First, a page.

Increased Risk Bearing with Background Risk
Topics in Theoretical Economics, Vol. 6, No. 1, Article 3
Posted: 13 Sep 2006
Many analyses of risk taking behavior assume that an agent faces only a single risk. Typically, however, an agent faces many risks simultaneously, and the interaction between risks may well affect how much of any particular risk an agent should bear. Ross (1981) and Kihlstrom, Romer, and Williams (1981) showed that the comparative statics of increased risk aversion in the two asset portfolio model are not robust to the addition of background risk, even under strong independence assumptions between the risks. In this paper we give sufficient and necessary conditions on changes in a risky asset's distribution that increase risk taking in the presence of background risk. We find that the comparative statics of changes in risk are fairly robust to background risk. We present results for changes in each of the conditional distributions of the primary risk (keeping the marginal distribution of the background risk fixed) and for changes in the marginal distribution of the primary risk (keeping each conditional distribution of the background risk fixed). For the former question a modification of Gollier's (1995) Linear Stochastic Dominance is necessary and sufficient; for the latter Monotone Likelihood Ratio Dominance is necessary and sufficient. We also consider other applications, including the two risky asset portfolio problem.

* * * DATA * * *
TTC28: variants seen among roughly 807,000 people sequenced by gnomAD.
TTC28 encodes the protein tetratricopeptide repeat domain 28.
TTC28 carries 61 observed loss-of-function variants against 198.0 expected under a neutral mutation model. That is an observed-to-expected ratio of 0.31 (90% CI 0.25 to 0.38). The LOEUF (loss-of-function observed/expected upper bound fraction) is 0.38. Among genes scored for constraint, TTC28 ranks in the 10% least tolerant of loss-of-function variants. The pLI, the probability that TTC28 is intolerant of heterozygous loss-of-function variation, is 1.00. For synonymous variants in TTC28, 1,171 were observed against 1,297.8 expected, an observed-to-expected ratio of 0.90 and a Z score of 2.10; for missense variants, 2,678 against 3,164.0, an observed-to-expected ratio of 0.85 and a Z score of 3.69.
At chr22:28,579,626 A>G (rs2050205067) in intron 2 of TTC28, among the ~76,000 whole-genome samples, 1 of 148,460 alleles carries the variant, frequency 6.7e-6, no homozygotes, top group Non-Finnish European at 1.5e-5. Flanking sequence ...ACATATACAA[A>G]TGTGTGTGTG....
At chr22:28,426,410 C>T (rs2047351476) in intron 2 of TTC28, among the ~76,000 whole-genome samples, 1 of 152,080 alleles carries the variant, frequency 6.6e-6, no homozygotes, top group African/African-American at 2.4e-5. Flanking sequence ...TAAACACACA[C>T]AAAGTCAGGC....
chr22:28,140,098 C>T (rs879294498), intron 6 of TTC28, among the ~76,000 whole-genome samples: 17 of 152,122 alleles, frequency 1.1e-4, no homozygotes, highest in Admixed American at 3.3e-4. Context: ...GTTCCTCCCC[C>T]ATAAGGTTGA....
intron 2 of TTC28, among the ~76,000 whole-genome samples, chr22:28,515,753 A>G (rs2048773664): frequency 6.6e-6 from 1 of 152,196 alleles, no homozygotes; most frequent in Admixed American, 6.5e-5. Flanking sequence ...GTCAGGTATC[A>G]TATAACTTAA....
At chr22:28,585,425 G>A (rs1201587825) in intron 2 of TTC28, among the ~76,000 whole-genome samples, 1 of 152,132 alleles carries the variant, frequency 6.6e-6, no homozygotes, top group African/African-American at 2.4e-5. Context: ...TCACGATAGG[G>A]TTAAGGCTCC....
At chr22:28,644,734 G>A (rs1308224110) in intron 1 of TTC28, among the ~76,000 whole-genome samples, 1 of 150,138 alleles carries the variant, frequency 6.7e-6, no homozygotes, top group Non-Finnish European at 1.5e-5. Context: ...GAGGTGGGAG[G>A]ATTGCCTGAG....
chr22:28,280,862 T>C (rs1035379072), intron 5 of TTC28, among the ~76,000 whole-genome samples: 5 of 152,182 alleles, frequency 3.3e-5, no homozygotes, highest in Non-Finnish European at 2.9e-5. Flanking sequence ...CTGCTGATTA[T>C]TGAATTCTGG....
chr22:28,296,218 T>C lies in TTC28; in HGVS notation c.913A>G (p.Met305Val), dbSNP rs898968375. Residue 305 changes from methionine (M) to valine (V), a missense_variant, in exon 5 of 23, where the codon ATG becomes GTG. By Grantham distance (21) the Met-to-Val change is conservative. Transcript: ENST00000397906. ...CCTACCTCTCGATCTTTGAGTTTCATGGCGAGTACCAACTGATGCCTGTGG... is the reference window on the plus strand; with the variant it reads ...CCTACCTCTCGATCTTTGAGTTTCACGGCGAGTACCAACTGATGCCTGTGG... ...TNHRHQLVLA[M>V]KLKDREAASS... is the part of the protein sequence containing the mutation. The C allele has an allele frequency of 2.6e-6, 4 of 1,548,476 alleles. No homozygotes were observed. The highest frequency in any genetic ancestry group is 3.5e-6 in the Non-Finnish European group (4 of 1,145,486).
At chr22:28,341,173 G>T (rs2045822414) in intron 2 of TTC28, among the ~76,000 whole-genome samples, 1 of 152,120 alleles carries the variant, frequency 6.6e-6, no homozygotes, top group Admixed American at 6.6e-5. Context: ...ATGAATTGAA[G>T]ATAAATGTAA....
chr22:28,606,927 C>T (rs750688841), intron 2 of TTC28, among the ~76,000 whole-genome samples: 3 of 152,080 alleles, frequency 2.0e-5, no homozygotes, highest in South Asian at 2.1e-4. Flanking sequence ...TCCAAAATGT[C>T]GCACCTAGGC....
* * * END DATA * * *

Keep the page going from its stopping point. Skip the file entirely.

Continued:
Keywords: comparative statics under uncertainty, risk taking, background risk, monotone likelihood ratio order, greater central riskiness, multivariate risk
JEL Classification: D8
Suggested Citation: Suggested Citation